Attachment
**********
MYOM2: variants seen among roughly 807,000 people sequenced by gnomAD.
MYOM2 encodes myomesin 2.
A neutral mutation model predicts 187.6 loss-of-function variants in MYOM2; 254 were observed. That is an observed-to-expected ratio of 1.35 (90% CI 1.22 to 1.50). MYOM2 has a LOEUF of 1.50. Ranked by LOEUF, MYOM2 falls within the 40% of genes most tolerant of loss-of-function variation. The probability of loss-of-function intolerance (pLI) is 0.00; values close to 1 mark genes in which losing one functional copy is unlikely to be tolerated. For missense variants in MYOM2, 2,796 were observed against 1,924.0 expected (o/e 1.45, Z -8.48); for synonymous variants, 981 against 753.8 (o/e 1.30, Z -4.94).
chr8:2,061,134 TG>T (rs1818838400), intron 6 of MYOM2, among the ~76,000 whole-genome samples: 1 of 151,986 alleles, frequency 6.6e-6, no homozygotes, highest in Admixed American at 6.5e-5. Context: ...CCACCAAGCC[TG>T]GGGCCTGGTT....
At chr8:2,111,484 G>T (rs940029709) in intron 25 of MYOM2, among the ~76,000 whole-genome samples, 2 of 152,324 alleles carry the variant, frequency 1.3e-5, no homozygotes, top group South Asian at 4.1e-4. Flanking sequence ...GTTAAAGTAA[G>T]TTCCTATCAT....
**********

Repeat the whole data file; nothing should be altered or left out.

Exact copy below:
MYOM2: variants seen among roughly 807,000 people sequenced by gnomAD.
MYOM2 encodes myomesin 2.
A neutral mutation model predicts 187.6 loss-of-function variants in MYOM2; 254 were observed. That is an observed-to-expected ratio of 1.35 (90% CI 1.22 to 1.50). MYOM2 has a LOEUF of 1.50. Ranked by LOEUF, MYOM2 falls within the 40% of genes most tolerant of loss-of-function variation. The probability of loss-of-function intolerance (pLI) is 0.00; values close to 1 mark genes in which losing one functional copy is unlikely to be tolerated. For missense variants in MYOM2, 2,796 were observed against 1,924.0 expected (o/e 1.45, Z -8.48); for synonymous variants, 981 against 753.8 (o/e 1.30, Z -4.94).
chr8:2,061,134 TG>T (rs1818838400), intron 6 of MYOM2, among the ~76,000 whole-genome samples: 1 of 151,986 alleles, frequency 6.6e-6, no homozygotes, highest in Admixed American at 6.5e-5. Context: ...CCACCAAGCC[TG>T]GGGCCTGGTT....
At chr8:2,111,484 G>T (rs940029709) in intron 25 of MYOM2, among the ~76,000 whole-genome samples, 2 of 152,324 alleles carry the variant, frequency 1.3e-5, no homozygotes, top group South Asian at 4.1e-4. Flanking sequence ...GTTAAAGTAA[G>T]TTCCTATCAT....